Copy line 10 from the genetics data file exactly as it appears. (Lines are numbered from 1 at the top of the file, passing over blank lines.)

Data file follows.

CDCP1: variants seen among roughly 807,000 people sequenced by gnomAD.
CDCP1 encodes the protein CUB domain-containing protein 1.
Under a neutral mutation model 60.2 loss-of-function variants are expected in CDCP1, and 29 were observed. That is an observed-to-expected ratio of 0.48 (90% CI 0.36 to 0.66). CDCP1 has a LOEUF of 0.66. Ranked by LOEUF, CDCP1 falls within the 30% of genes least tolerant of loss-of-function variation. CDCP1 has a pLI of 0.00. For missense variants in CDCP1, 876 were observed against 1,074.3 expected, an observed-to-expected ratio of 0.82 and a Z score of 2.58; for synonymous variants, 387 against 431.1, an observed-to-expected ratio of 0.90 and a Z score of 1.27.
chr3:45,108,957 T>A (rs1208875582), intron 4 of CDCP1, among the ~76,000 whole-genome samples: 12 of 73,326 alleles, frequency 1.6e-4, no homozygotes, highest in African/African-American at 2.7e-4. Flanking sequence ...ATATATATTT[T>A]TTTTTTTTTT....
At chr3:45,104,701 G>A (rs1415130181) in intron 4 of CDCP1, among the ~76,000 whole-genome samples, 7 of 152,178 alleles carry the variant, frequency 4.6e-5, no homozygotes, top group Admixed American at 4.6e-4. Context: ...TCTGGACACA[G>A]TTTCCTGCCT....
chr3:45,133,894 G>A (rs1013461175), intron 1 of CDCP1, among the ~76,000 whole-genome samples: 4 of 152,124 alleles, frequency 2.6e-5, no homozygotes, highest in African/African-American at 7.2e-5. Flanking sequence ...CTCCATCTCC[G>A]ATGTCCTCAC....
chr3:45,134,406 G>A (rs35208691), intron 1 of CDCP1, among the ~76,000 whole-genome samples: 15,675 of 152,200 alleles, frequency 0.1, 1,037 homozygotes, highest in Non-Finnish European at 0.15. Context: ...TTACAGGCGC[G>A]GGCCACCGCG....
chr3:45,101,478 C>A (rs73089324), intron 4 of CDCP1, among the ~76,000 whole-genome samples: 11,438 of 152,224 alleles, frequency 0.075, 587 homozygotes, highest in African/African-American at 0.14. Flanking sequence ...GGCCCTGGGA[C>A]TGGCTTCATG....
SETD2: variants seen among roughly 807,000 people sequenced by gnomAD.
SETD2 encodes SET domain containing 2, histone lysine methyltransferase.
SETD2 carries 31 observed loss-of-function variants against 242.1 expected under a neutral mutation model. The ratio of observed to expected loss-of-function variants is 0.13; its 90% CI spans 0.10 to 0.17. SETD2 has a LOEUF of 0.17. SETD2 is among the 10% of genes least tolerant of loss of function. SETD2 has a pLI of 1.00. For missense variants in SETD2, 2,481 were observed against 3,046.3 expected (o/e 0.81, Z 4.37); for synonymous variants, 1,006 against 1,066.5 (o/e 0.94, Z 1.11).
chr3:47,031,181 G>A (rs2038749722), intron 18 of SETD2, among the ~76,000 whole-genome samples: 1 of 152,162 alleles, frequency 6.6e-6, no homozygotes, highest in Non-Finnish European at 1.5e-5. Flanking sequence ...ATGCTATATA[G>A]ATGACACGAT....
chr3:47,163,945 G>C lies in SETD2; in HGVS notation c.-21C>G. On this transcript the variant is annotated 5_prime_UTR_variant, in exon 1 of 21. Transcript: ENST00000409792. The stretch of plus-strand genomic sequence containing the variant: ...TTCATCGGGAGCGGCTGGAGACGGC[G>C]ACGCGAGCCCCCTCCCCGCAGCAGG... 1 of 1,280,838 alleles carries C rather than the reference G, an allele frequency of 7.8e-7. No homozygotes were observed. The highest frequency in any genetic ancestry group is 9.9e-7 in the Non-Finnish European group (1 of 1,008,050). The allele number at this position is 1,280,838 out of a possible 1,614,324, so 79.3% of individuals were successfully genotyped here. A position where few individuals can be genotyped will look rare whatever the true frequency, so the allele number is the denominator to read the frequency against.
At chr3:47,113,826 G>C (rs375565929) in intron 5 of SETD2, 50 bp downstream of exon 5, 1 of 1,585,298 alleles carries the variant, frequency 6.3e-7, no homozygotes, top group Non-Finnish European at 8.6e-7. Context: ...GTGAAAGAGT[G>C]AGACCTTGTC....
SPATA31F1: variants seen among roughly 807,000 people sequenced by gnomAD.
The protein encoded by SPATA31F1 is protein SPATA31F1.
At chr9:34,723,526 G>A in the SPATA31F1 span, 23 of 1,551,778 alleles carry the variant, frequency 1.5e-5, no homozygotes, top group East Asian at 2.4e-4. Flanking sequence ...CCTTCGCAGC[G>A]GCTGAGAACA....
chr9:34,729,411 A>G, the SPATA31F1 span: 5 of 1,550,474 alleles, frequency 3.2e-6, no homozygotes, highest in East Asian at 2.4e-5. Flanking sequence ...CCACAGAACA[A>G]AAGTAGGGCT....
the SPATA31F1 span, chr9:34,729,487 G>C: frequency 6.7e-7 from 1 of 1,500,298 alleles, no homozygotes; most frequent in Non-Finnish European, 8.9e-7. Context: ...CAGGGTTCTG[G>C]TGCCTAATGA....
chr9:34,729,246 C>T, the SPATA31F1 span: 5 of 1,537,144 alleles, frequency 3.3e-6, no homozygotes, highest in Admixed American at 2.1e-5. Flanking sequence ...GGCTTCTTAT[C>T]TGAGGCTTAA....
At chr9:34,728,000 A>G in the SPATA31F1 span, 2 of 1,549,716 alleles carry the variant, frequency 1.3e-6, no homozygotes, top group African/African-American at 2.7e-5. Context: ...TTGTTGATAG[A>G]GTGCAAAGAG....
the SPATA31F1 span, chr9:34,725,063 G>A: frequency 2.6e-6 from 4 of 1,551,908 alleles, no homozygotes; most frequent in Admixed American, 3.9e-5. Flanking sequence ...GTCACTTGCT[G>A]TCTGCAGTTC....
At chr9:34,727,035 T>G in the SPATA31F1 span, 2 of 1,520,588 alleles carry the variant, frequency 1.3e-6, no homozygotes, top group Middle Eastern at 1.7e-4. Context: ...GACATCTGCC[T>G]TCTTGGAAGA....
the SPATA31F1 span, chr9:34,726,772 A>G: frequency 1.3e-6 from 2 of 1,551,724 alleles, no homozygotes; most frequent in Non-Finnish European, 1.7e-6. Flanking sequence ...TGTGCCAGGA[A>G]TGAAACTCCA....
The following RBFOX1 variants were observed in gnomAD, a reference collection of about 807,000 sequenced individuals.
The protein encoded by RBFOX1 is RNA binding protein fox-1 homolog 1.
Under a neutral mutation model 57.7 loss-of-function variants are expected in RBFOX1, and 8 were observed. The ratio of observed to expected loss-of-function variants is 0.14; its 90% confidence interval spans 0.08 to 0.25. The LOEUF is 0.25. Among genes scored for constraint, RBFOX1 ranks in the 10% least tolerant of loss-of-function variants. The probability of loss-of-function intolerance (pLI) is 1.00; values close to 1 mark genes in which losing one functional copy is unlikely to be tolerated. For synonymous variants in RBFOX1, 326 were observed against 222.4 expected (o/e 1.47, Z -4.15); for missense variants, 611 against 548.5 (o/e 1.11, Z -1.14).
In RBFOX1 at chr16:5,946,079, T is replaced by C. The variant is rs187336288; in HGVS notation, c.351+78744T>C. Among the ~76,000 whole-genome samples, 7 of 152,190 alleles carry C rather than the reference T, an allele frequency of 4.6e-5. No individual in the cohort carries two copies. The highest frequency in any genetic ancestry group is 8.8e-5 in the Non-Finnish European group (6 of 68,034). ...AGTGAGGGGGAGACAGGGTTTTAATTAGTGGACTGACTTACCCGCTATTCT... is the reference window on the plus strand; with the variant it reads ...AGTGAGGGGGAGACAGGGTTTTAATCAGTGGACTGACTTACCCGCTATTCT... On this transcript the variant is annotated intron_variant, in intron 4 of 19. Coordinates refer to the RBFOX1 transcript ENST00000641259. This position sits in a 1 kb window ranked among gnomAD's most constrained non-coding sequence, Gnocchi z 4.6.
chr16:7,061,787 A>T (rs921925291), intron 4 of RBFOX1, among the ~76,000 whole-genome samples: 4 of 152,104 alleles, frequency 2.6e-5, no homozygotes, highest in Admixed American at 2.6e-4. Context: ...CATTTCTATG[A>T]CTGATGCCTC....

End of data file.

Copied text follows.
SETD2 encodes SET domain containing 2, histone lysine methyltransferase.